15 Mar Chinky Apostol
Ask anyone, Chinky Apostol is major “goals”. But its not her signature curls, enviable tan or killer sense of style that make us adore her. Her warm, open and honest disposition literally shines through making this already gorgeous mama even more beautiful. Aside from being a hands on mom to 3 kids, she’s a partner at a thriving fashion business, runs restaurants with her partner Chef Robby Gocco and still makes sure they have time for date nights and couple trips. We spent the afternoon in her charming abode where we discussed how she keeps the connection strong with her teenage son Zach, the importance of me time, and how keeping one’s independence actually strengthens a relationship. Oh and did we mention that she fed us lots and lots of ridiculously good Greek food and awesome wine? Well she did, and it was glorious. So, sorry not sorry.
What was your first reaction when you found out you were pregnant?
Joy, sheer inexplicable joy. I got pregnant under imperfect circumstances yet the bit players like fear and worry were just that: bit players. The star of the show was always joy.
What’s the best thing about motherhood?
The unbelievable happiness each child brings you in the most unexpected manner. They start as tiny and helpless human beings then all of a sudden they fill your world with new things to learn, love and laugh about. Motherhood comes with its share of heartbreak too, but these cannot outweigh the joy. They’re my badges of courage which make me get up each day and do what I have to do.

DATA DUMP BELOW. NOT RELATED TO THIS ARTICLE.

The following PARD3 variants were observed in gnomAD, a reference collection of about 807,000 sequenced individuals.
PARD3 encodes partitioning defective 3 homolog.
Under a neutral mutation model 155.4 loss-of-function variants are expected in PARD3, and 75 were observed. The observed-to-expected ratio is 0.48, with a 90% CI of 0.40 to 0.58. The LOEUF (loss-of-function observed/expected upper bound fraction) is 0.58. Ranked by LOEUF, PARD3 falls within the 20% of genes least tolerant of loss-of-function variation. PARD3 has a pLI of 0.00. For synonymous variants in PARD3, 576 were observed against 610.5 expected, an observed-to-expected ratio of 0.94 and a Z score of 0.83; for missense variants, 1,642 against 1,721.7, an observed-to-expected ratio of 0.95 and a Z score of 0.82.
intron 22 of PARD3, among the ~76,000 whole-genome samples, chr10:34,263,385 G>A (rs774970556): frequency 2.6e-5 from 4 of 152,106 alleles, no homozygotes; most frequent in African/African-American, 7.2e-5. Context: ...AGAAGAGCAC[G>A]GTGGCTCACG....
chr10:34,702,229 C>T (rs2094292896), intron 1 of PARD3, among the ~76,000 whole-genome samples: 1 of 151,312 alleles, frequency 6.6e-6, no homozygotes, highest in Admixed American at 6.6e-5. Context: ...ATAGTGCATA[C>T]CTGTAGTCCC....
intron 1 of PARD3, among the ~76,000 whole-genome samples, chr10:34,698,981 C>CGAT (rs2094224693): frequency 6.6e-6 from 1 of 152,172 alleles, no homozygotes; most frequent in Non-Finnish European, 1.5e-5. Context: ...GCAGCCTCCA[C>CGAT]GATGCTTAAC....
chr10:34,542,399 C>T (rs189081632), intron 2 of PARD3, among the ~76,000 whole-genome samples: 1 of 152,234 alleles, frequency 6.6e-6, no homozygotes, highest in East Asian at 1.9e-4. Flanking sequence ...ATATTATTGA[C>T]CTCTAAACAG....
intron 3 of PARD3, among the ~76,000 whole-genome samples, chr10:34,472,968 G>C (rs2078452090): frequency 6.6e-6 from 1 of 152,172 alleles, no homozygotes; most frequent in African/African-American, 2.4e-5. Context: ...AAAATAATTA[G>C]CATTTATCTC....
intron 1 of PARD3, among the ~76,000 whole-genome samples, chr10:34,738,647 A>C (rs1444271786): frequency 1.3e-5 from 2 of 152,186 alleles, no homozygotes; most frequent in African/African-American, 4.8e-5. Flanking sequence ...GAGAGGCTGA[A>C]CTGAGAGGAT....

What is the hardest/most challenging thing about motherhood?
The biggest challenge for me is the when I worry about their future and forget that I’m not alone in this: that I have God and Robby too. When I go that route the crazy fears come up which morphs into crazier ones. When this happens I literally stop and remind myself who is in this journey with me. Worrying per se is not bad, its when you don’t prepare for these worrisome situations that makes it deplorable.
What’s life like with a teenager? How do you bond with your son?
Initially we had our challenges in the sense that sometimes your fears go on overdrive when they no longer want to talk to you about everything. Now there are other people in their circle, when before it was all about me and the rest of the family. I really make time to just assure him that he is loved. I stay with him when he reads his devotional or help him pick out clothes, these little things help us bond and keep it together. It is the time we spend with them that makes them keep coming back to the fold.
How do you and Robby keep your relationship strong?
We eat, laugh and dream together. He also has Cartier on his emergency contacts so we are both happy. Hahaha! Kidding aside, Robby and I eat, laugh and dream together. I think this is the most important thing. Being with someone and sharing your life with him is to understand that you will have differences too, not just things in common. It’s when you can allow your partner to be himself, to pursue his passions, and find him holding your hand while you do the same for yourself, then you know what you have is for keeps.